One unusual extra item is the “common cost”. Depending on the building, it’s typically 130-180 HUF/m2/month if water is not included and 200-250 HUF/m2/month if it is. This covers the bin collection and recycling and also the cleaning and the electricity in the common areas. The newer or higher rent blocks usually have higher common costs. For example, a flat in the beautiful Avenue Gardens on Andrássy Boulevard has a monthly common cost of around 48,000 HUF! However, this cost includes access to a 24/7 concierge service, spa, pool and gym.

When you view a flat, make sure to double check all the costs involved before you commit to renting it.

On top of the rent and common cost, you will almost always have to pay for your own electricity, gas and water (water is sometimes included in the common cost). These are separate bills given to you by the landlord or the agency. Expect anywhere from 30,000 HUF to 50,000 HUF per month for a 50m2 apartment. Winter gas heating costs alone can sometimes hit 30,000 HUF per month.

When you move in, you usually need to put down two months deposit and one month rent in advance. Make sure you check everything when you move in and adjust your contract as needed. Take pictures of the flat and appliances for when you check out, to give you a stronger chance of getting your deposit back.

Grocery Markets

Budapest has a wide variety of local markets, small shops and large supermarkets. If you have a car, you can drive to the outskirts and shop in hypermarkets. Alternatively, pretty much all districts have their own market (piac, in Hungarian), which is a good way to support the local community and get cheaper, fresher produce. Average food costs will probably run around 16,000-25,000 HUF for two people for a week.

Eating Out

The alternative to dining at home, of course, is taking advantage of the many, many wonderful restaurants, cafes, bistros and bars in the city. Avoid main touristy places, as a set “traditional” menu can be around 6,000 HUF per person. Smaller restaurants will run you about 3600 HUF for a three-course meal for two people. That’s 1800 HUF per person for a delicious soup, main and a cake!

Bars are also still pretty cheap, with beers costing from 700 HUF on average for a large glass. Of course, if you buy them from the supermarket, prices will be significantly lower. Hungarian sparkling wine costs starts at around 1,100 HUF per bottle and a good bottle of wine starts from as little 1,500 HUF.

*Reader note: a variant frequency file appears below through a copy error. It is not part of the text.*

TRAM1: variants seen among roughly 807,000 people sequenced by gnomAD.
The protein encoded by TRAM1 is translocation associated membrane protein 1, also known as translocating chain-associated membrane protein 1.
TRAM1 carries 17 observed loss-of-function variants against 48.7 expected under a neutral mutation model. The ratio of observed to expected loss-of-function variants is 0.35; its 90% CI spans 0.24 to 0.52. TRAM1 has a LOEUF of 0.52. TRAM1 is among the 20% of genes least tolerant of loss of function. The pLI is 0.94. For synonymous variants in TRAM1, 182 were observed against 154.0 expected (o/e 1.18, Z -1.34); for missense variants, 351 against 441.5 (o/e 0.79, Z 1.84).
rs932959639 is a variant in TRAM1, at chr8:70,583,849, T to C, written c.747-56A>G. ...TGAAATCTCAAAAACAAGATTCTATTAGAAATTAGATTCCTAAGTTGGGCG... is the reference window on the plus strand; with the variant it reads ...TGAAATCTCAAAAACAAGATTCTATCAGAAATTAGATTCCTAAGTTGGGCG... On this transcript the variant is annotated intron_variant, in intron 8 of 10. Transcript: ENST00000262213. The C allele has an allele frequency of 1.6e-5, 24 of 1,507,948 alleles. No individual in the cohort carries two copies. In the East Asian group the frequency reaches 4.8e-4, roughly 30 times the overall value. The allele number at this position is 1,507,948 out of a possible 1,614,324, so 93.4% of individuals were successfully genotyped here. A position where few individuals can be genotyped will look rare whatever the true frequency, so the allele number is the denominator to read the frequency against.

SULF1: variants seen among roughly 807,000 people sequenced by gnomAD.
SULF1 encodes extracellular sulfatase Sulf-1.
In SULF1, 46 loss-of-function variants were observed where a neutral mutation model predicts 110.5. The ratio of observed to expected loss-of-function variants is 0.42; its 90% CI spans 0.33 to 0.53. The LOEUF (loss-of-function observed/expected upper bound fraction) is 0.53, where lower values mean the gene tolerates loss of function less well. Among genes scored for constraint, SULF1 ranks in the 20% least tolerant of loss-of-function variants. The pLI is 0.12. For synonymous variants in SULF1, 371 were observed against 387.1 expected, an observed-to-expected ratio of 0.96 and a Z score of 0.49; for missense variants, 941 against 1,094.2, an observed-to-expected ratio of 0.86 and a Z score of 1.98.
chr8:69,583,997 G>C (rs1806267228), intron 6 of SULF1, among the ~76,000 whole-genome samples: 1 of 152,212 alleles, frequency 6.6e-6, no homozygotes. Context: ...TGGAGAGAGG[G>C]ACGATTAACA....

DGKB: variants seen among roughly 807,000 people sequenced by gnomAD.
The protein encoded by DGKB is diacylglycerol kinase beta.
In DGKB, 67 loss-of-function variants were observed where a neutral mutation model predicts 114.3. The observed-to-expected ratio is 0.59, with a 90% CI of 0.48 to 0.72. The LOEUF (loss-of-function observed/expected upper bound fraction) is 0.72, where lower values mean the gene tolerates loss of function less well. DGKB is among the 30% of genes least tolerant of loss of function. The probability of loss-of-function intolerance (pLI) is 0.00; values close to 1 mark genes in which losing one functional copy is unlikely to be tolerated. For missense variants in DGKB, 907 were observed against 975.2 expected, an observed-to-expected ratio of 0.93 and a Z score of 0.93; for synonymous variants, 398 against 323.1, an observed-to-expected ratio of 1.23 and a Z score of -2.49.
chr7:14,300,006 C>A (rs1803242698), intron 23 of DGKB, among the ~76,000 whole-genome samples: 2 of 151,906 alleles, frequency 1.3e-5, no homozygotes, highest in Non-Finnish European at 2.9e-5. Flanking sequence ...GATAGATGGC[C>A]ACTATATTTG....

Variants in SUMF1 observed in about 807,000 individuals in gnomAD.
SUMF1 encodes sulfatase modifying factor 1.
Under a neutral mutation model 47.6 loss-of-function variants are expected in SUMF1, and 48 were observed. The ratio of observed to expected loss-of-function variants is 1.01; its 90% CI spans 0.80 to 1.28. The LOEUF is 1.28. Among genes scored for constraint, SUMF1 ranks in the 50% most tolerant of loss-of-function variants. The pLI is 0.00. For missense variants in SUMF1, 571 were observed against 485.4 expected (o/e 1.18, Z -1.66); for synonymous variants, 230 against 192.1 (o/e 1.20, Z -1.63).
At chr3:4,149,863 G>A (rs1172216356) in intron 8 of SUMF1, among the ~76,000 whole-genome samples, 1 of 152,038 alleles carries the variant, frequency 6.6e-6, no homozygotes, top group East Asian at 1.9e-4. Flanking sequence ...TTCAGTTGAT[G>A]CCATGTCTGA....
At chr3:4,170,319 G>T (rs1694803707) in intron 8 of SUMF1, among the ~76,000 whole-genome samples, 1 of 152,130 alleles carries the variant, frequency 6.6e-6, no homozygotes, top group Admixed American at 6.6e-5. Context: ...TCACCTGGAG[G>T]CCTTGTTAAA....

There are lots of bakeries scattered throughout Budapest, so you can buy fresh bread every day. You can find almost any variety of bread, ranging from the usual sliced white bread to the special whole grain loaves. There are also lots of Hungarian treats, like the amazing Budapest lángos, pastries and cakes. A slice of vegan cake in the city center will cost around 1,000 HUF, but the more central you go, the higher the prices.

 

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Clothing

Clothes and shoes cost roughly the same in Budapest as in pretty much any other capital city in Europe. As with most cities, there are a few expensive streets lined with large international shops and boutiques. A pair of jeans will set you back around 20-30,000 HUF and some nice Nike running shoes will start from around 20,000 HUF.

Health Insurance and Dental Care

Health insurance for you and your family will probably start around 10,000 HUF/month/person. If you are an EU citizen, make sure you order your free EHIC (European Health Insurance Card), which covers you for emergency treatment and carry it with you at all times. If you work in Hungary your social security contributions will allow you access to the state healthcare system. This is functional but there can be language issues.

An alternative is to pay as you go for private medical treatments. An acquaintance recently needed a knee MRI and paid around 45,000 HUF. A consultation with a doctor was around 15,000 HUF per session and blood tests were 16,000 HUF; not too bad, considering it was all private, with no insurance.

Private healthcare in Hungary is on the rise and there are several options for a private healthcare package, which is pretty reasonable by international standards.

Hungarian dental care is world-class and so popular and reasonably priced that there is still a large market in dental tourism from the UK, Ireland and elsewhere. Basically, find a dentist you like and you’re set for the duration.